Long-term birth control options such as intrauterine devices (IUDs) and under-the-skin implants may be 20 times more effective in preventing pregnancy than short-term contraceptives, such as birth control pills, patches and rings. A study published May 2012 in the New England Journal of Medicine was one of the largest ever done in the United States to compare birth control failure rates over a three-year period.
Birth control pills are the most commonly used, reversible contraceptive in the United States, but their effectiveness depends on women remembering to take a daily pill and having easy access to refills.
Patches and rings require less attentiveness than pills, but they still leave room for human error. The patch needs to be changed weekly, while the ring needs to be changed every month.
In contrast, IUDs and implants are designed to be foolproof.
IUDs are T-shaped pieces of plastic which are inserted into the uterus by a gynecologist, and can remain in place for 5-10 years.
Implants are matchstick-size devices which are inserted below the skin on the upper arm that release a slow trickle of hormones, and can last up to three years.
Many women, however, cannot afford the up-front costs of these methods, which can be more than $500.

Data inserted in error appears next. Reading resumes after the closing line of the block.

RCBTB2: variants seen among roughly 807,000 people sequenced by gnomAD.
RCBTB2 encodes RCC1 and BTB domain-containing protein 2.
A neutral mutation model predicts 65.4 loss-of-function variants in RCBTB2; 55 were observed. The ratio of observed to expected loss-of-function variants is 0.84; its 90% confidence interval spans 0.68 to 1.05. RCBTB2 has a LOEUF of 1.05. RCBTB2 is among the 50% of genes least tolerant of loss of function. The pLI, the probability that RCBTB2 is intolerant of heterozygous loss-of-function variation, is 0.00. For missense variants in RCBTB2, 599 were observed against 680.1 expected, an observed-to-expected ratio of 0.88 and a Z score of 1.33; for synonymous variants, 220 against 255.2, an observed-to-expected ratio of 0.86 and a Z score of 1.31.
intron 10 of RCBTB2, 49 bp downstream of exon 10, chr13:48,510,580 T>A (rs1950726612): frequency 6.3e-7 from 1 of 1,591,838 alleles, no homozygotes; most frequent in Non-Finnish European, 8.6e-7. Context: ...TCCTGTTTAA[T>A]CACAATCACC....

For this study, investigators wanted to determine whether or not educating women about the effectiveness of various birth- control options and having them choose a method without considering cost would reduce the rate of unplanned pregnancy. Free birth control was provided to the participants.
Researchers tracked nearly 7,500 sexually active women in the St. Louis area, ages 14-45, who were considered at risk for an unplanned pregnancy. The women also received counseling about each method's risks, benefits and effectiveness.
Participants could choose among the following birth control methods: IUD, implant, birth control pills, patch, ring and contraceptive injection.
The largest group, nearly 5,800, chose IUDs or implants. Slightly more than 1,500 women selected pills, patches or vaginal rings, and the smallest group, 176 women, chose a contraceptive injection.